# Transforming data

If I want to make a regression model where sales in billions are dependent variable and my independent variables consist of very low values, for example rainy days (highest number is 15). My question is, is there any problem if I do a regression with original data, or should I do some transformation and therefore make my variables comparable? And which transformation would you suggest? Is sensible to use logarithmic transformation of data here?

I tried to find similar discussion, but struggled to do it.

• As @mdewey wisely answers, the coefficients do the scaling but as a matter of practicality changing units to get coefficients closer to 1 is often a good idea. But your description to me raises a more fundamental question. Sales can't be negative, presumably, but they could be highly skewed. For that reason alone I'd expect Poisson regression (or the same beast under any other name) to be a better bet. For more on why, one way in is blog.stata.com/2011/08/22/… (That sales are measured not counted is not crucial!) – Nick Cox Dec 1 '16 at 11:01
• as @NickCox suggests, sales can be highly - I would add positively - skewed. So a log transformation may be better choice, as it scales the response and may make it look more symmetric. – utobi Dec 1 '16 at 11:06
• Poisson regression arguably has all the advantages of logarithmic transformation and none of the disadvantages. Note that predictions are automatically of sales, not of log sales. – Nick Cox Dec 1 '16 at 11:17
• Those are good points @NickCox, I had assumed that sales were in some currency unit. I will update my answer to clarify. – mdewey Dec 1 '16 at 13:14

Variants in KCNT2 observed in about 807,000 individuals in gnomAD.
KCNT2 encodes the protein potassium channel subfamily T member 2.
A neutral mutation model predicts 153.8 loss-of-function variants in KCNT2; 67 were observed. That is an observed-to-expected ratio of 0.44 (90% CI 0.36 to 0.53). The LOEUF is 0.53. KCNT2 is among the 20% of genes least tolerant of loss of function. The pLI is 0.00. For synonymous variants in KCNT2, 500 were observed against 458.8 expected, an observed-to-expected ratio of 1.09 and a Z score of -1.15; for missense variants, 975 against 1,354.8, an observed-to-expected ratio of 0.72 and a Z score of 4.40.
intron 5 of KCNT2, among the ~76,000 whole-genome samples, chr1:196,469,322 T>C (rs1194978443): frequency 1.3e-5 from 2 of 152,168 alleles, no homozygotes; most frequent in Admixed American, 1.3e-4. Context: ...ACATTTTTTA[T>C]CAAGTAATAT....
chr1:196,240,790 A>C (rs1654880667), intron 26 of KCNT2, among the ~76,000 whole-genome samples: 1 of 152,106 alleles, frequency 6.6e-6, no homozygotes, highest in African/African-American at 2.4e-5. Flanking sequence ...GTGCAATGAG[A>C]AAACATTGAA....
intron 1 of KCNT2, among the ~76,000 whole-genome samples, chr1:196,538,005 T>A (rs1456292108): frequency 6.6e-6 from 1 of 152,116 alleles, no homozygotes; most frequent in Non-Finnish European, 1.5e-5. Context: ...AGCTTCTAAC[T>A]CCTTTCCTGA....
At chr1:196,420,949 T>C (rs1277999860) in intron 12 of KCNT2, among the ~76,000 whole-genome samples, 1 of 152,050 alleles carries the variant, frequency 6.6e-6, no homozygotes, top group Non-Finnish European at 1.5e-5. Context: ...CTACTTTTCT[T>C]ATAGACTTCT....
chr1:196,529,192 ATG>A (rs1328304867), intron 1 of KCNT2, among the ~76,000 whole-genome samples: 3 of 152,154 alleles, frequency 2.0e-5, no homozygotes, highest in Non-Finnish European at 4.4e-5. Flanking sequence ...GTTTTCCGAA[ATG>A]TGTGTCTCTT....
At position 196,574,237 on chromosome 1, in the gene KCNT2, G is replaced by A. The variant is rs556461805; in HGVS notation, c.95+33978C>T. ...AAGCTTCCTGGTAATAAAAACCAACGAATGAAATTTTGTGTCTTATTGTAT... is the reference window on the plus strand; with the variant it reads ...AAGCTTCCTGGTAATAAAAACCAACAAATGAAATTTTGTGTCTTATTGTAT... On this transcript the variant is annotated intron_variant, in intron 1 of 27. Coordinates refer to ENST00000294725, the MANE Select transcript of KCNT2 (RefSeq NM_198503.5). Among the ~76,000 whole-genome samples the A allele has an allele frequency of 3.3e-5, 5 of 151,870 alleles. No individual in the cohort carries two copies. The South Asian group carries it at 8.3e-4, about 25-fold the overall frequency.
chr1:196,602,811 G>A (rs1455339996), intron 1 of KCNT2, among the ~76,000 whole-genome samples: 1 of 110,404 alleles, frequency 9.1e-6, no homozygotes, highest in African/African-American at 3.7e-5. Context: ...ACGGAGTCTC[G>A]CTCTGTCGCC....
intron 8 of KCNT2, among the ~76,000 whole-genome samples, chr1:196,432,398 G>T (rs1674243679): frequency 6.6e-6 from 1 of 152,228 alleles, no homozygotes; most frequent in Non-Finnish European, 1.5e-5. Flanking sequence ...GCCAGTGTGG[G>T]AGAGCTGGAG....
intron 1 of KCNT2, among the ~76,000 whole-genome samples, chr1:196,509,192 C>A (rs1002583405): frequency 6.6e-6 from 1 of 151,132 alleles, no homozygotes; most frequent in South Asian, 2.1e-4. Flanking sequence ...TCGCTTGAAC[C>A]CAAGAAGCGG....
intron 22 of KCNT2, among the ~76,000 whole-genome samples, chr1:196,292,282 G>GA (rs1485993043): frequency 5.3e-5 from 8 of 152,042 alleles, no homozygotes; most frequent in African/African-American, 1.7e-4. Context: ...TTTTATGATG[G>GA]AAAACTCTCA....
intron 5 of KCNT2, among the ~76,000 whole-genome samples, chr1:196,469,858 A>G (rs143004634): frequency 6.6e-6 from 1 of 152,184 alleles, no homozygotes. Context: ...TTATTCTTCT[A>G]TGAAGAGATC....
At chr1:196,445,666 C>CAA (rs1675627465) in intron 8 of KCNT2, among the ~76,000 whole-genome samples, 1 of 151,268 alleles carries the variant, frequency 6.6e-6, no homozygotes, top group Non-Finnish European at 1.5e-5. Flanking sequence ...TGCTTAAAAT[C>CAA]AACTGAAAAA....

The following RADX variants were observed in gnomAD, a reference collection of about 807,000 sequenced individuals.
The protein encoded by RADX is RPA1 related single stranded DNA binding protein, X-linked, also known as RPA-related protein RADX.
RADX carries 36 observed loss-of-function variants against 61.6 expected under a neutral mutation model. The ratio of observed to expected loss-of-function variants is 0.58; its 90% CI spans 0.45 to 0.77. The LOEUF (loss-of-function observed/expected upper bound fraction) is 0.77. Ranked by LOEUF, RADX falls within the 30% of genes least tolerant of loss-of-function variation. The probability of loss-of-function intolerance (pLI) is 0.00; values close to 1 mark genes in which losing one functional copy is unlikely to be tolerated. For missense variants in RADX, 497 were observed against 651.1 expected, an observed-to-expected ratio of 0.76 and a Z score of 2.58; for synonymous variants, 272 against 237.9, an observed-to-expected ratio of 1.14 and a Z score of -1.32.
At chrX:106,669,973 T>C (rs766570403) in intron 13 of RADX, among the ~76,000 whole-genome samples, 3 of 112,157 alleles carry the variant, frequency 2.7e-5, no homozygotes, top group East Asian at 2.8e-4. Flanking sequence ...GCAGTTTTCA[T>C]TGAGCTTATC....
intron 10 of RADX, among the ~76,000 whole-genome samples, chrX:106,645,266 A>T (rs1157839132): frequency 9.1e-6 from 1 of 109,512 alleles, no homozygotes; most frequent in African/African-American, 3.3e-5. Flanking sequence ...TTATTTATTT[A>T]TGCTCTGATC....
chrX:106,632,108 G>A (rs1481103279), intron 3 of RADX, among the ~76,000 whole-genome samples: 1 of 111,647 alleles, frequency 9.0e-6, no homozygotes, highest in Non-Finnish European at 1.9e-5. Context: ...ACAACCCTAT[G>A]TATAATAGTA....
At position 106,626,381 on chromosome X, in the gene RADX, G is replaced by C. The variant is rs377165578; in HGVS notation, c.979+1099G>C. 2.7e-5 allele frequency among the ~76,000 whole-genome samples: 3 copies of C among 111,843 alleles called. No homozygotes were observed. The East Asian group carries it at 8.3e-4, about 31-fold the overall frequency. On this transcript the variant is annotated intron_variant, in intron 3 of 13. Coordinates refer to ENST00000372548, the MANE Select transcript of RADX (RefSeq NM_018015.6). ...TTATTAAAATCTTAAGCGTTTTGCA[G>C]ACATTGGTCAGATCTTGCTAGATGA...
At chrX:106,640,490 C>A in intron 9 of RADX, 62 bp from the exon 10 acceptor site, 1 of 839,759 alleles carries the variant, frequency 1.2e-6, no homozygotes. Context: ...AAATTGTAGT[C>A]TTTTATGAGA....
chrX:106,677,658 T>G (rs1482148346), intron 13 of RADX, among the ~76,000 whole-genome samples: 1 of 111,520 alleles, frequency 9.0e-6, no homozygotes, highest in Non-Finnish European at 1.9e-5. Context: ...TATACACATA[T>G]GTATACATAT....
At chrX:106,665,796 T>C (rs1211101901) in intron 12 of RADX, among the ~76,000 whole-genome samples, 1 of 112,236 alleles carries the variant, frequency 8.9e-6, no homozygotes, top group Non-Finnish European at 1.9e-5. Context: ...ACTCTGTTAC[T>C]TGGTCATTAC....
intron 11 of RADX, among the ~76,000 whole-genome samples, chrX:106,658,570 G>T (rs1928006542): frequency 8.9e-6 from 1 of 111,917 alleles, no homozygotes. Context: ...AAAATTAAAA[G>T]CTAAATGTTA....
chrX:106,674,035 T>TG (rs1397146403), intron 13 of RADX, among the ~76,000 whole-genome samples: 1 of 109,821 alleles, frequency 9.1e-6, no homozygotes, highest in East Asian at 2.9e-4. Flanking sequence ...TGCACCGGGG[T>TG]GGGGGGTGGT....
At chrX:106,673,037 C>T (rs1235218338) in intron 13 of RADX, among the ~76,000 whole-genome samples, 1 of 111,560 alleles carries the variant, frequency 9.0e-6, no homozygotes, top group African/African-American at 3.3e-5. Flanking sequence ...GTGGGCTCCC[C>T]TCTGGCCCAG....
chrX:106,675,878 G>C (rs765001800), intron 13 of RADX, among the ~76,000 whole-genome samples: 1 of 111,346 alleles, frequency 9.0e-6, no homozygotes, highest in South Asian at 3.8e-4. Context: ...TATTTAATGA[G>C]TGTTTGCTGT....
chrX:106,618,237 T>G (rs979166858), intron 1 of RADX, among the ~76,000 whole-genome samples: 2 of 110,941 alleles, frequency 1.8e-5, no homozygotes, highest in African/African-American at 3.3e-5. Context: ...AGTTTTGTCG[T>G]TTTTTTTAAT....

• @mdewey My guess is the same as yours, that sales may be in currency units and they could then be regarded as counts of whatever the smallest currency unit is. Whether they behave as counts are expected to behave (according to some model) can only be checked with access to the data! – Nick Cox Dec 1 '16 at 13:20

## 2 Answers

Transformations are like drugs ... Some are good for you and some aren't.

Transforming data by scaling is almost always a good idea . Transforming time series data like taking differences can be a bad idea as an unwarranted difference can actually inject structure into the data. Transforming data by replacing anomalous values by cleansed values enabling a clearer picture robust to the anomalies is also a good idea just as long as you get motivated to find out why the data was anomalous AND enable confidence limits that include the possibility of anomalous values . See @Aksakal's very wise words on this How to fit a model for a time series that contains outliers

Power Transforms like logs or any other assumed transformation can be a bad idea . See When (and why) should you take the log of a distribution (of numbers)? for a discussion of when and why you should transform. One caveat there are certain model objectives i.e. specific models which require transformations but these are usually special purpose and rare.

There is no particular reason for wanting to transform your data as far as the adequacy of the model is concerned. However you may want to re-scale your outcome to make the coefficients lie in a more manageable range. For instance instead of having sales as the raw count you might express it as so many millions or so many thousands. This would have the effect of dividing your coefficient for rainy days by 1000 or 1000000 which might make it look more sensible. This is often done for predictor variables but in your case from your description it is the outcome which needs attention.

Your model adequacy is not changed though which is the important thing.

As pointed out by commentators I am assuming that sales are billions of some currency unit which if it is the sales of different products sold at different prices may well fulfill the usual assumptions of linear regression. However if it is billions of umbrellas and hence a count then a different model such as Poisson may be appropriate.